Pub. date: 2006 | Online Pub. Date: September 15, 2007 | DOI: 10.4135/9781412952453 | Print ISBN: 9780761930297 | Online ISBN: 9781412952453| Publisher:SAGE Publications, Inc.About this encyclopedia
Evolution, Models of
H. James Birx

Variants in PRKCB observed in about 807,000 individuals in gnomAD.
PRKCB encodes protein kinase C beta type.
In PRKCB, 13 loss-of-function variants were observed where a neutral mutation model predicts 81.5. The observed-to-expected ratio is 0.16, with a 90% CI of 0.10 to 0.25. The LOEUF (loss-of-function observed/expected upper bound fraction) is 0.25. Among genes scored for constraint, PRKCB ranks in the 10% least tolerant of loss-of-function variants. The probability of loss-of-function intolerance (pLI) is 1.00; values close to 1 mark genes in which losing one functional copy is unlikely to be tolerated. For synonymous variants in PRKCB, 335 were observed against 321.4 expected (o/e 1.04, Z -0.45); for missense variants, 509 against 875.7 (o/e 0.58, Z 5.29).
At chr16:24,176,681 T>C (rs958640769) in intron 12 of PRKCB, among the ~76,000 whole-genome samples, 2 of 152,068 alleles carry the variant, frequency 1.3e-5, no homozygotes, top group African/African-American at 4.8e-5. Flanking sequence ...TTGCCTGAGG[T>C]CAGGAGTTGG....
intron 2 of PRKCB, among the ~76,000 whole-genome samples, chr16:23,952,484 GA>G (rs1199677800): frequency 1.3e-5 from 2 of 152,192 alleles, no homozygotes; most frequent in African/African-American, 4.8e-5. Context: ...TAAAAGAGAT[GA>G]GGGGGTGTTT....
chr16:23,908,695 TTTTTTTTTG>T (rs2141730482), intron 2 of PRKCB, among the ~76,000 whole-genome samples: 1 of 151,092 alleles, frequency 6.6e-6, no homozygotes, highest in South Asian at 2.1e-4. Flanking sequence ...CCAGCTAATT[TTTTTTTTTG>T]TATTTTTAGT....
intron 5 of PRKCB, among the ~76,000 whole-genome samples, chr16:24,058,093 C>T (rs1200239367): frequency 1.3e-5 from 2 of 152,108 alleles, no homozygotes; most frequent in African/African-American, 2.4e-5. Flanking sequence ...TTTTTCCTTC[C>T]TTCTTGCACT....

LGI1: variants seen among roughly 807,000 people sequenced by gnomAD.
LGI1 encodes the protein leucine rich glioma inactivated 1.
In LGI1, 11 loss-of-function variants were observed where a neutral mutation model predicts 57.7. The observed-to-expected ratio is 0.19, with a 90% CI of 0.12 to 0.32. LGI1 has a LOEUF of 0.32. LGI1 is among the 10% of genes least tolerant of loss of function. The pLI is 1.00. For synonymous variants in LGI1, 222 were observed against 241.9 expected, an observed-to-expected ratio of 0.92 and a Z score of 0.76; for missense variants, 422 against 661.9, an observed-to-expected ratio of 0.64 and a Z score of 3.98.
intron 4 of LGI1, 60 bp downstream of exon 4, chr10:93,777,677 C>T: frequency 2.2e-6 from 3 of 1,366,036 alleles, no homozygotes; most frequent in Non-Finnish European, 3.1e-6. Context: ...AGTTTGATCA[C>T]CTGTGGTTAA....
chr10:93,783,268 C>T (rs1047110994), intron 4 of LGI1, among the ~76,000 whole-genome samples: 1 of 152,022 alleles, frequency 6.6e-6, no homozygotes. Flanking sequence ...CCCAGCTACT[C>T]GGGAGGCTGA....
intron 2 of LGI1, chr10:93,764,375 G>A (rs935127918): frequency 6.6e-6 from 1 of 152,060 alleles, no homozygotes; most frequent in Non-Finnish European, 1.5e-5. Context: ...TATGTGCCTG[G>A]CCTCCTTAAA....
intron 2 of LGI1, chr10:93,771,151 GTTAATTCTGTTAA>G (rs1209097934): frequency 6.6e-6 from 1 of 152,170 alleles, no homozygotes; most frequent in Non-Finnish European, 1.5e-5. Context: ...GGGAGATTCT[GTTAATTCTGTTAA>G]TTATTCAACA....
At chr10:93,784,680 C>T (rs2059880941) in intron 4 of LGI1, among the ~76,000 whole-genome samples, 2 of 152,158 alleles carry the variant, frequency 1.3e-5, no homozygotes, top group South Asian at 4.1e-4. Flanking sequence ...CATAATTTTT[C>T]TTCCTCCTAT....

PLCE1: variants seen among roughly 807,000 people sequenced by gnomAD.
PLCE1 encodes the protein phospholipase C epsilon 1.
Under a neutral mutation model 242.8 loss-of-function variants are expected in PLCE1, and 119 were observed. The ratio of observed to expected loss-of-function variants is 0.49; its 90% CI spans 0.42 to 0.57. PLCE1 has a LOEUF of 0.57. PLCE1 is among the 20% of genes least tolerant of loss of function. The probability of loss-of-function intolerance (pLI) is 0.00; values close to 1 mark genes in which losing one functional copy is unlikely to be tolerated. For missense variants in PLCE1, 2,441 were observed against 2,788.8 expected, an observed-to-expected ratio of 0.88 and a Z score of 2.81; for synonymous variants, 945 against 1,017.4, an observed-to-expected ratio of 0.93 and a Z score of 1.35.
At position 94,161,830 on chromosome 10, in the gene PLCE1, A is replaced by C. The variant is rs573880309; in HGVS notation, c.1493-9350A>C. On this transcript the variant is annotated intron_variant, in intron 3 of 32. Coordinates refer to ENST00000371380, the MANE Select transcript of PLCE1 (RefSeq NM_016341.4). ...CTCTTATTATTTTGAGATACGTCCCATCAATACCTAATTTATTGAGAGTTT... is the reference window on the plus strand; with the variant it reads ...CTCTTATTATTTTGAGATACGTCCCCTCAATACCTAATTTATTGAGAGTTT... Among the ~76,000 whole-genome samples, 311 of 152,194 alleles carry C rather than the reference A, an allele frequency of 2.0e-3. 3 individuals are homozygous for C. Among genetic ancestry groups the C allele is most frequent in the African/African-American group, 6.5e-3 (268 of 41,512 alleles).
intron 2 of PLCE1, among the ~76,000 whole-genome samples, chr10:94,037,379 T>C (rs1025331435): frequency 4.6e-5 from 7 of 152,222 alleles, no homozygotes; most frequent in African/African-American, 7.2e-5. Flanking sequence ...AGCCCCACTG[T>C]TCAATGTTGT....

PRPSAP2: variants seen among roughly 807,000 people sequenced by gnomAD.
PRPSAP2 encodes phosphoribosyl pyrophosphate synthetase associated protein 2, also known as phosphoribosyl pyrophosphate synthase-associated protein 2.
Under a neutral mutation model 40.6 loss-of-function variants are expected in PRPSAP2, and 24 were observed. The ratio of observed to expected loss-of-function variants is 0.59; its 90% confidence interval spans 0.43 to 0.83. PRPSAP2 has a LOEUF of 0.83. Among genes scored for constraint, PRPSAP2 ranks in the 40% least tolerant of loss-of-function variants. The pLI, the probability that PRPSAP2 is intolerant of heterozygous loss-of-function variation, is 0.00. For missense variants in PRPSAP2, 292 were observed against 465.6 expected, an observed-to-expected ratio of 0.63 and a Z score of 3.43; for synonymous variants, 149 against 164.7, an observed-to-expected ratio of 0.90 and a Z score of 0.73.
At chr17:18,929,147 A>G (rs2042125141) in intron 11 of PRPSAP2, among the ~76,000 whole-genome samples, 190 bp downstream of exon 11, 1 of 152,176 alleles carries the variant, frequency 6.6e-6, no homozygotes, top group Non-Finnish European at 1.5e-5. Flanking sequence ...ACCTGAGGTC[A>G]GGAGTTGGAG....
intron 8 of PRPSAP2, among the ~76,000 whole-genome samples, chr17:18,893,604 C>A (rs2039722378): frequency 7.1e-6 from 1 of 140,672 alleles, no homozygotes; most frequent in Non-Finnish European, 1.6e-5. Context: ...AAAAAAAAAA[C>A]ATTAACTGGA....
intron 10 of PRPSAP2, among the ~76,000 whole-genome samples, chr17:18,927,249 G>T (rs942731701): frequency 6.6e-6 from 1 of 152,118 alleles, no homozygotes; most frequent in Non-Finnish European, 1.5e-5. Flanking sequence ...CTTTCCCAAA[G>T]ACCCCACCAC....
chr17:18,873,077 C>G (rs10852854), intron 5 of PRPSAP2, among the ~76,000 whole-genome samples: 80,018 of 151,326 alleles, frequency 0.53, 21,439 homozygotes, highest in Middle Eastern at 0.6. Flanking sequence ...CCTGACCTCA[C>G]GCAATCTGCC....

Several major models have been used to represent organic evolution on earth. These models include the arc, line, spiral, circle, pyramid, and tree or bush or coral of life forms throughout biological history. Aristotle (384–322 BCE), the father of biology, including morphology and taxonomy, taught that plants and animals represent a hierarchical line of eternally fixed forms. These kinds of life range from the simplest plant to the most complex animal, with our own species, as the only rational being, at the apex of this planetary ladder of the living world. Aristotle's great chain of being, from global minerals to celestial stars, was not an evolutionary interpretation of this universe. Aristotle's worldview is grounded in the assumption that each type of life has a fixed essence. Consequently, this natural philosophy contributed to an antievolutionary view of organic history for nearly 2,000 years. Carolus Linnaeus (1707–1778), the father of modern taxonomy, ...